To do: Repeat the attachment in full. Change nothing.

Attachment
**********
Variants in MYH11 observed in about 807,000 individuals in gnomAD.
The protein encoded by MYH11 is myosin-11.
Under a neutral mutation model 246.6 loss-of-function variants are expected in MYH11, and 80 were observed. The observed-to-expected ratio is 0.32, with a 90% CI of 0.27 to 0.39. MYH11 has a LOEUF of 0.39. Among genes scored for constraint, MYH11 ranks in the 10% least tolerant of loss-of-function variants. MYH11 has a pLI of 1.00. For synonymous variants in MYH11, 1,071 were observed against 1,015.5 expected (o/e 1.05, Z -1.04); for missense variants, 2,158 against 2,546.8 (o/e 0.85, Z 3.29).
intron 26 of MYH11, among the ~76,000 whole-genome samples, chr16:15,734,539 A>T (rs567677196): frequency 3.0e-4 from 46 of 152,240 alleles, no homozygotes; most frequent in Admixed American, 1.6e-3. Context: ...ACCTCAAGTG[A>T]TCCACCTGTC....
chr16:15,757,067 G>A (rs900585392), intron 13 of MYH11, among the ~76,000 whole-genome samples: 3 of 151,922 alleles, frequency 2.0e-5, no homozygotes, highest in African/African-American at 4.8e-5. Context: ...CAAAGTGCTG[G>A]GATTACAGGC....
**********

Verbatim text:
Variants in MYH11 observed in about 807,000 individuals in gnomAD.
The protein encoded by MYH11 is myosin-11.
Under a neutral mutation model 246.6 loss-of-function variants are expected in MYH11, and 80 were observed. The observed-to-expected ratio is 0.32, with a 90% CI of 0.27 to 0.39. MYH11 has a LOEUF of 0.39. Among genes scored for constraint, MYH11 ranks in the 10% least tolerant of loss-of-function variants. MYH11 has a pLI of 1.00. For synonymous variants in MYH11, 1,071 were observed against 1,015.5 expected (o/e 1.05, Z -1.04); for missense variants, 2,158 against 2,546.8 (o/e 0.85, Z 3.29).
intron 26 of MYH11, among the ~76,000 whole-genome samples, chr16:15,734,539 A>T (rs567677196): frequency 3.0e-4 from 46 of 152,240 alleles, no homozygotes; most frequent in Admixed American, 1.6e-3. Context: ...ACCTCAAGTG[A>T]TCCACCTGTC....
chr16:15,757,067 G>A (rs900585392), intron 13 of MYH11, among the ~76,000 whole-genome samples: 3 of 151,922 alleles, frequency 2.0e-5, no homozygotes, highest in African/African-American at 4.8e-5. Context: ...CAAAGTGCTG[G>A]GATTACAGGC....